In this approach, theories are tentative and can be disproved by evidence which proves the theory incorrect.

Kuhn's Paradigms

Kuhn (1962) suggested a more social approach to scientific method:

PRESCIENCE [right arrow] NORMAL SCIENCE [right arrow] CRISIS [right arrow] REVOLUTION [right arrow] NEW NORMAL SCIENCE [right arrow] NEW CRISIS and so on

Pre-science is a period in which no theory has dominance over any other. In fact, Kuhn uses the word 'paradigm' rather than theory. What Kuhn meant by the word paradigm is unclear, but it would appear that it includes more than theory, defining avenues of investigation and the like. Eventually, one paradigm comes to be accepted by the scientific community over others.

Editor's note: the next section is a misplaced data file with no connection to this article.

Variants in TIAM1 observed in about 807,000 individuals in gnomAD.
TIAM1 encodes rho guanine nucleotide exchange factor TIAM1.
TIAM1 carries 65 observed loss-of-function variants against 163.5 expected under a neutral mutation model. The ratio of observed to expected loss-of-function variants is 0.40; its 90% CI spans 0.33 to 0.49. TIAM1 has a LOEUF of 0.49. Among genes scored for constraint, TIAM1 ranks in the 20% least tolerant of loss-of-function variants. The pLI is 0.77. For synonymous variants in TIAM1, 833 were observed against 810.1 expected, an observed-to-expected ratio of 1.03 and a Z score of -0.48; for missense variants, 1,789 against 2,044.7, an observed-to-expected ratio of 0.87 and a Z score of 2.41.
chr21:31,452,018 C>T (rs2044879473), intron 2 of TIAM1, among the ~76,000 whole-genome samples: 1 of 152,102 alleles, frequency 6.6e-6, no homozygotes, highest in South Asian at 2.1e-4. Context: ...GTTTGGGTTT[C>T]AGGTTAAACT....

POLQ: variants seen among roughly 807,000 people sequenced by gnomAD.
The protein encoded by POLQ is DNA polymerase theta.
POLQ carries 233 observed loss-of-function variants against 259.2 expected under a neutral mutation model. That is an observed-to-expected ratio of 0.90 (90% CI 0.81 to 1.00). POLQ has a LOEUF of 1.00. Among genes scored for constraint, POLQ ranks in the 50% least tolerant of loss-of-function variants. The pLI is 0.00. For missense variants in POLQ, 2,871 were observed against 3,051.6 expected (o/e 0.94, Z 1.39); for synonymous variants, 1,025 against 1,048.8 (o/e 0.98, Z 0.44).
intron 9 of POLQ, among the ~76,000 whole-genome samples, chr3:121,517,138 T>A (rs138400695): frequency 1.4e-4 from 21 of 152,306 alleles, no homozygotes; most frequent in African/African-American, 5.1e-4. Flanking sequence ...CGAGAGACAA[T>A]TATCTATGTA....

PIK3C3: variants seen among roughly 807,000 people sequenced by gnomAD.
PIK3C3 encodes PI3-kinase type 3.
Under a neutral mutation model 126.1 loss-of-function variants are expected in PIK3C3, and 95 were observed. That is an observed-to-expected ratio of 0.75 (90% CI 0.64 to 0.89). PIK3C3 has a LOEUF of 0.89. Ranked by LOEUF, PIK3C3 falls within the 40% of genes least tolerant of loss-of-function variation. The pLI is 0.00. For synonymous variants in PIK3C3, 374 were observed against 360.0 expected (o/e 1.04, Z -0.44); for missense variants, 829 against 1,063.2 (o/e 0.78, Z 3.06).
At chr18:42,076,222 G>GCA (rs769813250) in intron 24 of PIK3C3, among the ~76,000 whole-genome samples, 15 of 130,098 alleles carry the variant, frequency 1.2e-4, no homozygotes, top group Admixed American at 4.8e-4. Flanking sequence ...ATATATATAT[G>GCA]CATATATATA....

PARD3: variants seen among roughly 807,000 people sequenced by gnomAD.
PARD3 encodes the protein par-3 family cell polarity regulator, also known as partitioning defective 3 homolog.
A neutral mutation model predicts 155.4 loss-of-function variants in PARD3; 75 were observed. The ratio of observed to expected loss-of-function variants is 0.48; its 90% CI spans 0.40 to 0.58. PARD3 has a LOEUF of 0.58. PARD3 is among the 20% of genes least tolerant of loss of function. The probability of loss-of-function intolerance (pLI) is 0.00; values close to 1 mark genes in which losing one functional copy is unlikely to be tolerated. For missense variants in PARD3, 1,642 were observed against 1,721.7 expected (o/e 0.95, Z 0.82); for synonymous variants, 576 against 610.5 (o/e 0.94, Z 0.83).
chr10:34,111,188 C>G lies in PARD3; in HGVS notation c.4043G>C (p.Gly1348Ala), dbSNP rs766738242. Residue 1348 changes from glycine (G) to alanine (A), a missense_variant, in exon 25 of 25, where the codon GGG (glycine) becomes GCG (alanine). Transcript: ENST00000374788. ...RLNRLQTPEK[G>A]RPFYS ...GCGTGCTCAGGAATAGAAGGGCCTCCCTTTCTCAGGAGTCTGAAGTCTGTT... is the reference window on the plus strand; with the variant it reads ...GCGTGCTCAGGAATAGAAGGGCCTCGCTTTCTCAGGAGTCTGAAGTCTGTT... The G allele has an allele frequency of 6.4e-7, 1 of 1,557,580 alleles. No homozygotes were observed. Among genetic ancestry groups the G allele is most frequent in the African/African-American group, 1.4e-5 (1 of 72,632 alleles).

There then follows a period of routine problem-solving, in which the paradigm is refined and explored. Anomalies arise which strike at the very core of the paradigm to give a period of crisis. This is followed by a revolution in which the scientific community shifts paradigms and so the cycle continues.

Kuhn's ideas have much to commend them. A look back in history gives several examples of scientists who suggested new ideas which did not fit in with the times. Galileo and Darwin are two examples that spring readily to mind. Kuhn's approach also includes the notion that, in the period of revolution, it is not the scientists who switch paradigms. Rather, the new paradigm is taken up by younger members of the scientific community while followers of the old paradigm die off.

Anarchy or chaos?